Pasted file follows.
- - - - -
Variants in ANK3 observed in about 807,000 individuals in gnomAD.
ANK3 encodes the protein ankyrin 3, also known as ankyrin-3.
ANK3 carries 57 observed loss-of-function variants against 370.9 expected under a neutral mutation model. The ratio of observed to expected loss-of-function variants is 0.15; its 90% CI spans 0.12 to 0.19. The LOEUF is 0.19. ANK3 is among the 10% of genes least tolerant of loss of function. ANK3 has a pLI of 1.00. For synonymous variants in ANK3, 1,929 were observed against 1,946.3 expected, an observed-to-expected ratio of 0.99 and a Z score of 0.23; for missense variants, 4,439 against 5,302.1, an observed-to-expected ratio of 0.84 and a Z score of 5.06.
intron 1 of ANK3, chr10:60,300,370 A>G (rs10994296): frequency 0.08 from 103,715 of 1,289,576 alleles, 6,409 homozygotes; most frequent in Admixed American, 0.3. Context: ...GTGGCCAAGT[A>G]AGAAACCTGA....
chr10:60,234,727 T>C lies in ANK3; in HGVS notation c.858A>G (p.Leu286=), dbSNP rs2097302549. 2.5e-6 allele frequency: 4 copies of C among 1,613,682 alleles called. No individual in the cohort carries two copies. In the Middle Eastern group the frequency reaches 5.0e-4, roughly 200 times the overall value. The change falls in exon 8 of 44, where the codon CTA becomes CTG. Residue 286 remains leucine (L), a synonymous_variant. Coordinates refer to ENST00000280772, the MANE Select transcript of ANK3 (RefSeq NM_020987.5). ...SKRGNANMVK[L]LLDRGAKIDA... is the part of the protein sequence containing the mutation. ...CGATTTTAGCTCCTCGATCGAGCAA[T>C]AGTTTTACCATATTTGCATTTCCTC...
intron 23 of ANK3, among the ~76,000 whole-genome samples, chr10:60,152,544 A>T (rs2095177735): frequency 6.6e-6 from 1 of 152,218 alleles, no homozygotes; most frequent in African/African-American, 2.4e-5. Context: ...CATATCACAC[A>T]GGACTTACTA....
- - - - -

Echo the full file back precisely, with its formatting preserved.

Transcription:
Variants in ANK3 observed in about 807,000 individuals in gnomAD.
ANK3 encodes the protein ankyrin 3, also known as ankyrin-3.
ANK3 carries 57 observed loss-of-function variants against 370.9 expected under a neutral mutation model. The ratio of observed to expected loss-of-function variants is 0.15; its 90% CI spans 0.12 to 0.19. The LOEUF is 0.19. ANK3 is among the 10% of genes least tolerant of loss of function. ANK3 has a pLI of 1.00. For synonymous variants in ANK3, 1,929 were observed against 1,946.3 expected, an observed-to-expected ratio of 0.99 and a Z score of 0.23; for missense variants, 4,439 against 5,302.1, an observed-to-expected ratio of 0.84 and a Z score of 5.06.
intron 1 of ANK3, chr10:60,300,370 A>G (rs10994296): frequency 0.08 from 103,715 of 1,289,576 alleles, 6,409 homozygotes; most frequent in Admixed American, 0.3. Context: ...GTGGCCAAGT[A>G]AGAAACCTGA....
chr10:60,234,727 T>C lies in ANK3; in HGVS notation c.858A>G (p.Leu286=), dbSNP rs2097302549. 2.5e-6 allele frequency: 4 copies of C among 1,613,682 alleles called. No individual in the cohort carries two copies. In the Middle Eastern group the frequency reaches 5.0e-4, roughly 200 times the overall value. The change falls in exon 8 of 44, where the codon CTA becomes CTG. Residue 286 remains leucine (L), a synonymous_variant. Coordinates refer to ENST00000280772, the MANE Select transcript of ANK3 (RefSeq NM_020987.5). ...SKRGNANMVK[L]LLDRGAKIDA... is the part of the protein sequence containing the mutation. ...CGATTTTAGCTCCTCGATCGAGCAA[T>C]AGTTTTACCATATTTGCATTTCCTC...
intron 23 of ANK3, among the ~76,000 whole-genome samples, chr10:60,152,544 A>T (rs2095177735): frequency 6.6e-6 from 1 of 152,218 alleles, no homozygotes; most frequent in African/African-American, 2.4e-5. Context: ...CATATCACAC[A>T]GGACTTACTA....